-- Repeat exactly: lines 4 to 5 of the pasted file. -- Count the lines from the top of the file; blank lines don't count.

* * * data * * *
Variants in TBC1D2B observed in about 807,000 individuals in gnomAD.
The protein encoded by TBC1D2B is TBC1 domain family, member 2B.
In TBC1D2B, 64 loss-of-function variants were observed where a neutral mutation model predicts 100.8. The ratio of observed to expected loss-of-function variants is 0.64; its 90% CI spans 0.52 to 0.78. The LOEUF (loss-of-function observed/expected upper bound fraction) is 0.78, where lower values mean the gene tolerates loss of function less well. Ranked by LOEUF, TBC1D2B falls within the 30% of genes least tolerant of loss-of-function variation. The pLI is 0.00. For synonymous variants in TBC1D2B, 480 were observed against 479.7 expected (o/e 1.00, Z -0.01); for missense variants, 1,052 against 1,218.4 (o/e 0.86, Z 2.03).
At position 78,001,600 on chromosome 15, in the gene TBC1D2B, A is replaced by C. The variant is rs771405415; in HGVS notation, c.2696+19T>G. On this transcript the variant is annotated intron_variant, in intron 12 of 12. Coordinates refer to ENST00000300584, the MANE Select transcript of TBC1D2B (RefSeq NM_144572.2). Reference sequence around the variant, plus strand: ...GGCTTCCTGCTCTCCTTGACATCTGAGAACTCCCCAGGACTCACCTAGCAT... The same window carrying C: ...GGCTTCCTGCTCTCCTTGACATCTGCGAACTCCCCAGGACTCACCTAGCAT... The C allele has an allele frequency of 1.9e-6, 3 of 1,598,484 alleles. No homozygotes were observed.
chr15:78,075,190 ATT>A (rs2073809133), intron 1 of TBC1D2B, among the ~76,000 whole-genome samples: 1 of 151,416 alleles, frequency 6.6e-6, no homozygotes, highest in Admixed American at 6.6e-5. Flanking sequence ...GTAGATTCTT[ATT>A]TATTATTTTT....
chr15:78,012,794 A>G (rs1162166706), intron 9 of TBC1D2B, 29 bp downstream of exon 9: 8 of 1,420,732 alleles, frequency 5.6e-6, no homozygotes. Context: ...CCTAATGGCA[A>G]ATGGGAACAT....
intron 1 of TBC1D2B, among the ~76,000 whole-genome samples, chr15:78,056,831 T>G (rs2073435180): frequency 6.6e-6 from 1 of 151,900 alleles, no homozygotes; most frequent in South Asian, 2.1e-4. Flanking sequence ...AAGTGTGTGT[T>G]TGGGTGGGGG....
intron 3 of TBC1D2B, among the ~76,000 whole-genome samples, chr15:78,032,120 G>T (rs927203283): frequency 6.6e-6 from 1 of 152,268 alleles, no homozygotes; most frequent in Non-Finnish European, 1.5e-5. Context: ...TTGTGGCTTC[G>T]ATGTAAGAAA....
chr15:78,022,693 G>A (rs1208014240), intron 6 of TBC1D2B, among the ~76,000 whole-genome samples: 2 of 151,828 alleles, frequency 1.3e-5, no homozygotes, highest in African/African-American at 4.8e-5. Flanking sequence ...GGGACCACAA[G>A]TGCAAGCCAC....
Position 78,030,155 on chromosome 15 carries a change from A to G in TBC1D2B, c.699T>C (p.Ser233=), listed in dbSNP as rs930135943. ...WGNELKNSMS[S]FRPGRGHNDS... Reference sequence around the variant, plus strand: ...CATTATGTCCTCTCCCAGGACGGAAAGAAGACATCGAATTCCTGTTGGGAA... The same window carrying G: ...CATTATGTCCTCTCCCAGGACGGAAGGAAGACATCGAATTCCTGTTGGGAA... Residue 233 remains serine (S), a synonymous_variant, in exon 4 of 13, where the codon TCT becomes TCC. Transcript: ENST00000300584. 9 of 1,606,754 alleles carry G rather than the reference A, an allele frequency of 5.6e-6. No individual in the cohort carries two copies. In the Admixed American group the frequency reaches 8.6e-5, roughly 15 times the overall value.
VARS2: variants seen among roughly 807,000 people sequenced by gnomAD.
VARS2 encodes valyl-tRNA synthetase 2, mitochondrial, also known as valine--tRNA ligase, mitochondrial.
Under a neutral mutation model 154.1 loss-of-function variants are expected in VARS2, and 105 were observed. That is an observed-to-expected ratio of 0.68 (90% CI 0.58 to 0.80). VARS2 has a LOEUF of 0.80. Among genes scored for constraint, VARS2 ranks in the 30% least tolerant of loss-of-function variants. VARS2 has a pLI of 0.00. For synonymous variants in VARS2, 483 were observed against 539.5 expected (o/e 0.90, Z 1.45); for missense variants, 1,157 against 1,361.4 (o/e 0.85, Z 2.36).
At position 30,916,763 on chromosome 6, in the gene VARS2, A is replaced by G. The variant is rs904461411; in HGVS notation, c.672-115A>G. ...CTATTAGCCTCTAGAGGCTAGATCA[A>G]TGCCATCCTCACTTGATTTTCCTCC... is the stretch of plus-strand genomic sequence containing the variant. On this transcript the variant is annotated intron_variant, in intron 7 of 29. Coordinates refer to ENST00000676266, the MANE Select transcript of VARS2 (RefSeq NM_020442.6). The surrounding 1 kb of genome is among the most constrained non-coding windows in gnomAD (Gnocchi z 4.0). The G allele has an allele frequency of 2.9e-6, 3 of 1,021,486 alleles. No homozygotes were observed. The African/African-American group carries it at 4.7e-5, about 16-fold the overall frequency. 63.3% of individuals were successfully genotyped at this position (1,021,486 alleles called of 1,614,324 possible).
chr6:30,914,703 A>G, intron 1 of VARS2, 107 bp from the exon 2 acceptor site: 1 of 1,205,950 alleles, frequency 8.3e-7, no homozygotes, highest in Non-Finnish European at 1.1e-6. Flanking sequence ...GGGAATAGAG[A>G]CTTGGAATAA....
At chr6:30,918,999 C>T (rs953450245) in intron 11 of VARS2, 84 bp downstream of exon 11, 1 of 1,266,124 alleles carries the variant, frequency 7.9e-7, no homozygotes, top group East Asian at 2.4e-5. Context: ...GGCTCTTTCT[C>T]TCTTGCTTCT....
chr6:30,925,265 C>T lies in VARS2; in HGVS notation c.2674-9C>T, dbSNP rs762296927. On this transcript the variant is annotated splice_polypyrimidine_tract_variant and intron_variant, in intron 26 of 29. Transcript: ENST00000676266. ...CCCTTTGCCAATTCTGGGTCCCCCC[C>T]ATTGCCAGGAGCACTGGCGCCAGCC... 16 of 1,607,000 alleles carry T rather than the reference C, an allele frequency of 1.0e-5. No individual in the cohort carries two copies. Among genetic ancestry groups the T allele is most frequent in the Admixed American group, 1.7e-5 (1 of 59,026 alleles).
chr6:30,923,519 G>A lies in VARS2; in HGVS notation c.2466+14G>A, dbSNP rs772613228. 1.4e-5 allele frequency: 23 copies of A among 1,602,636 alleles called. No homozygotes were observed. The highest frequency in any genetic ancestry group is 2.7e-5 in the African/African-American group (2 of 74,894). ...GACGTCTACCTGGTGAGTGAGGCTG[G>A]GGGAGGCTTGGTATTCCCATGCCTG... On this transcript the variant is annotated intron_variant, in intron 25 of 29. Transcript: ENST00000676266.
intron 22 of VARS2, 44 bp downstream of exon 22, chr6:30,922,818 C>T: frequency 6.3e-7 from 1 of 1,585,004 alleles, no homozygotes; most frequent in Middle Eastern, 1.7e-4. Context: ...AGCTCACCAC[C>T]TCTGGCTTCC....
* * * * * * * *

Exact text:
At position 78,001,600 on chromosome 15, in the gene TBC1D2B, A is replaced by C. The variant is rs771405415; in HGVS notation, c.2696+19T>G. On this transcript the variant is annotated intron_variant, in intron 12 of 12. Coordinates refer to ENST00000300584, the MANE Select transcript of TBC1D2B (RefSeq NM_144572.2). Reference sequence around the variant, plus strand: ...GGCTTCCTGCTCTCCTTGACATCTGAGAACTCCCCAGGACTCACCTAGCAT... The same window carrying C: ...GGCTTCCTGCTCTCCTTGACATCTGCGAACTCCCCAGGACTCACCTAGCAT... The C allele has an allele frequency of 1.9e-6, 3 of 1,598,484 alleles. No homozygotes were observed.
chr15:78,075,190 ATT>A (rs2073809133), intron 1 of TBC1D2B, among the ~76,000 whole-genome samples: 1 of 151,416 alleles, frequency 6.6e-6, no homozygotes, highest in Admixed American at 6.6e-5. Flanking sequence ...GTAGATTCTT[ATT>A]TATTATTTTT....